What to do about chickweed woes?

COVID VIGNETTE GARY SAUNDERS gary.saunders@ns.sympatico.ca @Saltwirenetwork Gary Saunders is a retired forester/ naturalist who writes to understand and share.

2022-05-12T07:00:00.0000000Z

2022-05-12T07:00:00.0000000Z

SaltWire Network

https://saltwire.pressreader.com/article/281603834059199

Opinion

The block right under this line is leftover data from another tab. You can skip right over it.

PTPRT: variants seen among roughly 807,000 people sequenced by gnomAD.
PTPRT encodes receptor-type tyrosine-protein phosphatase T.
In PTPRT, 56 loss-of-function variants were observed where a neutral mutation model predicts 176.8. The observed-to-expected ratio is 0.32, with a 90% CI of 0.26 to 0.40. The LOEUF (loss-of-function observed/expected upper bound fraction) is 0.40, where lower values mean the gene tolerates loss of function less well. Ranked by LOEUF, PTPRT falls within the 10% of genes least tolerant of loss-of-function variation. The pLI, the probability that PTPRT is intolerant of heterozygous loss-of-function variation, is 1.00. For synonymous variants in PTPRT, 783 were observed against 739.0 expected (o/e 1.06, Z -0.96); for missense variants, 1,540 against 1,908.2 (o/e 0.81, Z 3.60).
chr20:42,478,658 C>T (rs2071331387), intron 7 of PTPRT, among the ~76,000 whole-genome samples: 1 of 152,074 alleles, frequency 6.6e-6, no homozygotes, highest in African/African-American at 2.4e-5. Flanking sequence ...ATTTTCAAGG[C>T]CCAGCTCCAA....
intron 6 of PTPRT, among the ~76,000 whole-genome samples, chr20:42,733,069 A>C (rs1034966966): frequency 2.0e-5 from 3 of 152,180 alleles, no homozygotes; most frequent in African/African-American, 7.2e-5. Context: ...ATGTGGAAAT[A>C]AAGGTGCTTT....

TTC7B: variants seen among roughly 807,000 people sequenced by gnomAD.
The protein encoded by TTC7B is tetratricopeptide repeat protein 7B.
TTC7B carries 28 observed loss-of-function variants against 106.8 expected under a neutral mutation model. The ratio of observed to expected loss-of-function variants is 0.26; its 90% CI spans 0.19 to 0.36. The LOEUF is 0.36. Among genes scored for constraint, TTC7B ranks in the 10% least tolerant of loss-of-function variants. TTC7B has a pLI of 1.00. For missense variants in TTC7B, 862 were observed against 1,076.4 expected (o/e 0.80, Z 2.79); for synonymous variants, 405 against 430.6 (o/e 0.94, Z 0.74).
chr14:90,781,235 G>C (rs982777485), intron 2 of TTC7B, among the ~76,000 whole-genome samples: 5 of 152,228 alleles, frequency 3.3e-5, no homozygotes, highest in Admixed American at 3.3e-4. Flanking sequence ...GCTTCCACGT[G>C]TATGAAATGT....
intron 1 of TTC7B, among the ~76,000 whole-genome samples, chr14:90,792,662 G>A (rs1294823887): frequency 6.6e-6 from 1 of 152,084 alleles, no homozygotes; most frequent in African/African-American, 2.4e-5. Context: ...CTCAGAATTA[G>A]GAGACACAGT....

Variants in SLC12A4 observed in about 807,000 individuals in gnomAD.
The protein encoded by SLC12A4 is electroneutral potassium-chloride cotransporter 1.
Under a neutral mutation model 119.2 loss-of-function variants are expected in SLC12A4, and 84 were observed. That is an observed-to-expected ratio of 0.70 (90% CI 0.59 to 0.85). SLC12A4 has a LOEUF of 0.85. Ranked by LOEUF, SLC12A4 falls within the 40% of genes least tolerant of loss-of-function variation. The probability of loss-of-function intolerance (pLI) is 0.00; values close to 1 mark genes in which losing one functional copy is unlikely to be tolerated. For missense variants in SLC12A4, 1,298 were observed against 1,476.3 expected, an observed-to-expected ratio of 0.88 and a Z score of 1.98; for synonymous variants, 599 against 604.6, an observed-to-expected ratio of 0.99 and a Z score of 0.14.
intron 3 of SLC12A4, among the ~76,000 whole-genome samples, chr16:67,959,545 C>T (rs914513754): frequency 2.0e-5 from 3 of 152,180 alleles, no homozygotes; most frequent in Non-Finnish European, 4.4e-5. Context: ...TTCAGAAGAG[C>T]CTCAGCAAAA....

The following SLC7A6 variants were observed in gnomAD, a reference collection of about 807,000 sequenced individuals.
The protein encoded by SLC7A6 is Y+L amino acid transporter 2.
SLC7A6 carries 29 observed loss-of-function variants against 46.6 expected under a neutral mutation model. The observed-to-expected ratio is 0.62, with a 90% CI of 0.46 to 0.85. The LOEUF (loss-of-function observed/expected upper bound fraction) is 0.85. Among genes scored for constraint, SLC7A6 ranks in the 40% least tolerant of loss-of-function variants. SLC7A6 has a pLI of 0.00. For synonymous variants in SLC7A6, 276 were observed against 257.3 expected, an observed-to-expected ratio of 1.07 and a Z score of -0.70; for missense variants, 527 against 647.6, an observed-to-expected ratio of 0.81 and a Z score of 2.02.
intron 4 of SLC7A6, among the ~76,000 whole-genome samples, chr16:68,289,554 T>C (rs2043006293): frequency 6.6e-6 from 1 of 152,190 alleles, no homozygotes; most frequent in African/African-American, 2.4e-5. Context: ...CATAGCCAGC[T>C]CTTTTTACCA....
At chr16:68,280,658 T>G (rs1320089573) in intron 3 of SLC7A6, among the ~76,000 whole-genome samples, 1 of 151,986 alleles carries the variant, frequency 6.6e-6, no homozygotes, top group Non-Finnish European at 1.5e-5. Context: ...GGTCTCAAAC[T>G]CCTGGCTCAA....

With so many global issues troubling us today—climate change, wildlife extinctions, the Ukraine war, bird flu, wildfires, never mind COVID-19 - dealing with a small issue can be relaxing. For instance, my chickweed issue. “Chickweed?” you say. “That cute little garden plant with the white star flowers? Compared, say, to crab grass, pigweed, ground ivy, plantain or dandelions, how could it be a problem?” You're right, of course—or you would be in normal times. Normally, in moderation, it's a good winter ground cover. And when we kept hens, it made for healthy green snacks which I'd toss into their pen. But these aren't normal times. Last summer's hot-dry/ cool-wet cycles goosed this harmless little introduced plant, which botanists call Stellaria media, not to be confused with mouse-ear chickweed (also introduced) and field chickweed (native) into a major weed in parts of my plot. In fact, I'd never seen it so bad. Even veteran local farmers were complaining about chickweed. Last fall I dumped armfuls into my three compost bins. And lately I've been hand-weeding the clumps I missed. It's tedious work, but crucial. The smallest overlooked green sprig, given moisture and warmth, can jump-start a new plant. Worse, there's last year's tiny seeds to consider. Brownish when ripe, not much bigger than a grain of salt, they're all but invisible. Checking ripeness last fall, I opened a pod and found 90 percent to be white, unripe. Still, even 10 per cent ripe could be trouble, for they blow in the wind. Also, they tolerate shade. So, hoeing and tilling only encourages them. About my only cure, I'm told - no longer having hens - to help, is to smother them with one or more sowings of fall rye, which dies down in winter. That would tie up a third of my plot, but worth it, if it worked. At my age, reducing garden space is a good idea anyway. For the other two-thirds, mostly chickweed-free so far, I'll sow the usual veggies: first cool-weather crops like onions, peas, carrots, beets and rutabaga; then potatoes, and finally warm-weather stuff like tomatoes, cukes and squash. That's my plan. Speaking of potatoes, my main crop, I'll hand-set the eyed tuber chunks closer than usual for more shade, and later boost them with compost and well-rotted manure. I may also inter-plant bush beans to boost nitrogen. Then, next year, switch my spuds to the (hopefully chickweed-less) 2022 rye grass section. Like I say, it's a small rural issue. Indeed, why home-garden at all? Even with food prices spiking, why not go back to buying all our veggies like we used to? On the other hand, why live rural and not grow at least some of our own, weeds or no? While teaching the kids how? Better yet, let's encourage more urbanites to practise high-yield container gardening, thereby reducing all that Co2-belching, long-haul trucking of California greens, Mexican carrots. Peruvian peppers and the like? The way things are going climatewise, with drought plaguing the U.S. Southwest, famine threatening some countries and and COVID still disrupting supply lines, it's time we all learned not to take cheap food for granted.

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